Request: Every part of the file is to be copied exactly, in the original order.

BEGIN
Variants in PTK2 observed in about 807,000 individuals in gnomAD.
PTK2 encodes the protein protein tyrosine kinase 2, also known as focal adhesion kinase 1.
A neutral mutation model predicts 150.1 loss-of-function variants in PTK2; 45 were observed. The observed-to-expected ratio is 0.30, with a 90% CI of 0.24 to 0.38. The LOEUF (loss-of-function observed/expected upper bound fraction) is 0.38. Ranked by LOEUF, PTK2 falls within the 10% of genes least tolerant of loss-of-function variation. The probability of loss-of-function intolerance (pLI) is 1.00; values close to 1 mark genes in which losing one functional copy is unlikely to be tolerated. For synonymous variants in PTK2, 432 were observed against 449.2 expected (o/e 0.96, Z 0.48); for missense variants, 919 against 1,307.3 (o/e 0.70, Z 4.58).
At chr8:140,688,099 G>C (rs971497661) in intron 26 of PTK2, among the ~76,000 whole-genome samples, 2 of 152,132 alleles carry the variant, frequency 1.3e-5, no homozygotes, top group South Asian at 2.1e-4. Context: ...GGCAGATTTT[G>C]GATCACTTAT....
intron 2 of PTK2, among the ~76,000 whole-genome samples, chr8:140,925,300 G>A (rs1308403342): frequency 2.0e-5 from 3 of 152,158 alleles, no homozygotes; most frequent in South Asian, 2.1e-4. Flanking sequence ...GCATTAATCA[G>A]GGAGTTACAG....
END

Variants in PTK2 observed in about 807,000 individuals in gnomAD.
PTK2 encodes the protein protein tyrosine kinase 2, also known as focal adhesion kinase 1.
A neutral mutation model predicts 150.1 loss-of-function variants in PTK2; 45 were observed. The observed-to-expected ratio is 0.30, with a 90% CI of 0.24 to 0.38. The LOEUF (loss-of-function observed/expected upper bound fraction) is 0.38. Ranked by LOEUF, PTK2 falls within the 10% of genes least tolerant of loss-of-function variation. The probability of loss-of-function intolerance (pLI) is 1.00; values close to 1 mark genes in which losing one functional copy is unlikely to be tolerated. For synonymous variants in PTK2, 432 were observed against 449.2 expected (o/e 0.96, Z 0.48); for missense variants, 919 against 1,307.3 (o/e 0.70, Z 4.58).
At chr8:140,688,099 G>C (rs971497661) in intron 26 of PTK2, among the ~76,000 whole-genome samples, 2 of 152,132 alleles carry the variant, frequency 1.3e-5, no homozygotes, top group South Asian at 2.1e-4. Context: ...GGCAGATTTT[G>C]GATCACTTAT....
intron 2 of PTK2, among the ~76,000 whole-genome samples, chr8:140,925,300 G>A (rs1308403342): frequency 2.0e-5 from 3 of 152,158 alleles, no homozygotes; most frequent in South Asian, 2.1e-4. Flanking sequence ...GCATTAATCA[G>A]GGAGTTACAG....